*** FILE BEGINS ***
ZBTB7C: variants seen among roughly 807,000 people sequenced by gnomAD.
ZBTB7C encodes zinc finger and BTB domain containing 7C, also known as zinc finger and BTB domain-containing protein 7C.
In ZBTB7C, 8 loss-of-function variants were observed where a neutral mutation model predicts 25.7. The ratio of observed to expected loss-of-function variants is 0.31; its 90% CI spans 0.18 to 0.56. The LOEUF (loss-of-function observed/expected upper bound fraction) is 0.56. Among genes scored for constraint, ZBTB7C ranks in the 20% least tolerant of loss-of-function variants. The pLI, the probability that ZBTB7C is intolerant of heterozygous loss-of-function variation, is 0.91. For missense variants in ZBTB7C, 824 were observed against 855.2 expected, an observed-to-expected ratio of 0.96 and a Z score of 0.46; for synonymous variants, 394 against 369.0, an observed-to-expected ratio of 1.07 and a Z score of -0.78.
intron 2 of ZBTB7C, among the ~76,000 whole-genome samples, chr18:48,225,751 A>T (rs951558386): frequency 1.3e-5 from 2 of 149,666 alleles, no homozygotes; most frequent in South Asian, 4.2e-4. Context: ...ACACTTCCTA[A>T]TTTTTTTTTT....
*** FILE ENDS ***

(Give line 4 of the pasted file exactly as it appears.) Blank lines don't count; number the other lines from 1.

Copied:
intron 2 of ZBTB7C, among the ~76,000 whole-genome samples, chr18:48,225,751 A>T (rs951558386): frequency 1.3e-5 from 2 of 149,666 alleles, no homozygotes; most frequent in South Asian, 4.2e-4. Context: ...ACACTTCCTA[A>T]TTTTTTTTTT....